It’s interesting to me how obstinately we refuse to take basic network security precautions. Usually, introducing the topic for conversation is met with contempt for nerds, as if I were attempting to discuss comic books and card games with high school jocks (neither of which have I associated in my adult life). But concern for such trivialities is gradually waning in light of big news’ headlines (Russia!), so people are now at least acknowledging that infosec is something we might casually entertain (though only in outrage that our government isn’t protecting us).
But elsewhere, in the tech community, network technology itself is becoming increasingly under fire–specifically, consumer-grade NAT routers. I had previously covered my recent transition to a more commercial-class router, the Ubiquiti Edgerouter X, and I had been pleased with its performance for the time I used it. Alas, a botched firmware upgrade left the device bricked, so I was forced back to my old D-Link while I considered options. The experience had taught me a lesson: I wanted the security and features of a commercial grade router, with the hand-holding of a consumer grade one. But that seemed an unfilled niche.
Eventually, I went back to my NAS’ manufacturer, Synology. Their NAS management software has proven incredibly robust, with timely and automatic patches immediately following a CVE disclosure. They had formerly tried to introduce a router but had discontinued it. But now they were trying again with a new model. It was hard to find an expert review on the device, as most of the Amazon community’s comments boiled down to “It’s fast and doesn’t drop connections”–something I consider to be bare minimum requirements for $200 piece of network equipment. Still, I discovered enough information elsewhere that compared its router management software to that of its NAS products, so I decided to bite.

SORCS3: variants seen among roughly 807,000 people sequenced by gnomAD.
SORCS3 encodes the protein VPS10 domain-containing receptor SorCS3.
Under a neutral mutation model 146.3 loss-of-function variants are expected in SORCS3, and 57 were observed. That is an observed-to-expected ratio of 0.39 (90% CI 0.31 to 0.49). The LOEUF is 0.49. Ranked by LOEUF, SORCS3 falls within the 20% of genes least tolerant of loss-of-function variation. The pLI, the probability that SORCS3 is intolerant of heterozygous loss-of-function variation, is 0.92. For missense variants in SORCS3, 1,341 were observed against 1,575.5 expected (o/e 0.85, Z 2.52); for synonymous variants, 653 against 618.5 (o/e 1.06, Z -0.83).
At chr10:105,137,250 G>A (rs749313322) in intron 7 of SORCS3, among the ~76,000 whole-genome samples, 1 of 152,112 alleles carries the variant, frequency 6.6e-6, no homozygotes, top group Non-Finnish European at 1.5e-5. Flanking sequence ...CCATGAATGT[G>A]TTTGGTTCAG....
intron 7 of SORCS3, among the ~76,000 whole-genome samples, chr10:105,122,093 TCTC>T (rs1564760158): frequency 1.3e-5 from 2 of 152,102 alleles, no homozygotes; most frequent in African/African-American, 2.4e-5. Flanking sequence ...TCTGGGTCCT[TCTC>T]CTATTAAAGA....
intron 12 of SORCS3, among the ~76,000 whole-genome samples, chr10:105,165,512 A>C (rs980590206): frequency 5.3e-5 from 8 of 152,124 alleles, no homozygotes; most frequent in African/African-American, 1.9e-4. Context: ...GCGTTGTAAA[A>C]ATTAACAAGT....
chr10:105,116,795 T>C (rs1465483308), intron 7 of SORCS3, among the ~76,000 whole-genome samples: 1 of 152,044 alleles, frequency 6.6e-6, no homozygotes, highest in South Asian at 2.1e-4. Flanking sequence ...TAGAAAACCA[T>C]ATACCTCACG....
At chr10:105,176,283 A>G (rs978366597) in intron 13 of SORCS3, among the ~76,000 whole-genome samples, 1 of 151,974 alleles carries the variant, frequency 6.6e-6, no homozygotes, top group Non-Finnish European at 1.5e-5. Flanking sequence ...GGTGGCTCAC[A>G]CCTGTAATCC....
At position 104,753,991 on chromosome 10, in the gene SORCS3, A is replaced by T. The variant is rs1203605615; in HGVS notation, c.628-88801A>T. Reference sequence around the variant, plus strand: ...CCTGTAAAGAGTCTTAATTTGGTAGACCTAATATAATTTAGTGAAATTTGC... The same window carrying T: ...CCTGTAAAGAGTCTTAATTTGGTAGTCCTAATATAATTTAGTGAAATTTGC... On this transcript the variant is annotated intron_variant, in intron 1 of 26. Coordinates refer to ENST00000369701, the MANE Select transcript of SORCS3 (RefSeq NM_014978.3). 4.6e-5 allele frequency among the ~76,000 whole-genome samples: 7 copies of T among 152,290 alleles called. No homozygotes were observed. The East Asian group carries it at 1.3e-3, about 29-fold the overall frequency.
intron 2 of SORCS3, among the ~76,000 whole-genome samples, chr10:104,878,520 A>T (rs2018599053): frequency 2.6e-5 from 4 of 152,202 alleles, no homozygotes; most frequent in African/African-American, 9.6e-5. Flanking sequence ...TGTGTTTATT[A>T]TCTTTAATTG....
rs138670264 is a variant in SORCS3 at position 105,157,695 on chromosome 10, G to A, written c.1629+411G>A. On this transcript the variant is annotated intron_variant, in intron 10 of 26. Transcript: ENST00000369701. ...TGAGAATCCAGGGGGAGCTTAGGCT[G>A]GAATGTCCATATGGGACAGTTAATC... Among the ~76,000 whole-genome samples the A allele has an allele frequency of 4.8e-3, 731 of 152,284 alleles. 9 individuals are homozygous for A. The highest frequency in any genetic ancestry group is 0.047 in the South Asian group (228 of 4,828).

I could go on at length, exulting its software, but for the sake of keeping this post within the casual Internet-peruser’s attention span, I’d like to call attention to its simple and effective firewall.
Configuring a firewall shouldn’t be difficult, but until now I had never owned a router that managed to balance simplicity with effectiveness. I was delighted with the level of customization. For example, I decided to block all inbound connections from geolocated Russian and Chinese IPs. I was disturbed to find out that two days later, 1800+ connection attempts from these regions had been blocked. I suppose it’s mostly just Internet noise–passive scanning–but it’s still disconcerting.
Next up–a particularly troublesome IP range that my ISP uses to perform DNS and reverse-DNS queries. To be clear, I don’t want my ISP messing with my DNS traffic, but as DNS is largely unencrypted, there’s not much I can do to stop them. I specified my preferred DNS servers, but they appear to be bypassed when the lookup returns a 404, and my ISP serves me a “helpful” page of suggested results.pithy
Fortunately, their DNS servers appear to be static, and using a Whois service I pithynarrowed down the IP range and blocked it outright. The router has since blocked 48 connection requests to these IPs, so while I might not be able to prevent my ISP from intercepting my DNS queries, I don’t have to look at what they decide to serve me back.
Lastly, and equally unsettling, was my cable modem’s hard-coded internal IP: 192.168.100.1–the address used by the majority of modem manufacturers. In reality, there is no reason that a LAN-side device should need to contact the modem (that’s the router’s job), other than the remote possibility that the modem might need some user administration. But that’s a stretch.
And the modem lacks any form of user authentication. While there isn’t much someone could mess around with (apart from rebooting and resetting it), I still don’t think it should be open to anything on the LAN. So, just no. I blocked all traffic to its IP. I didn’t count on anything trying to access it regularly, but the router counts 48 attempts now. I’d really like to know what was trying to access it and why, but the conventional logs don’t provide that level of detail. Oh well.
In conclusion, my router upgrade has increased my network security at the cost of equal paranoia.
I’d end with something pithly snarky, but I just realized I’m out a aluminum foil.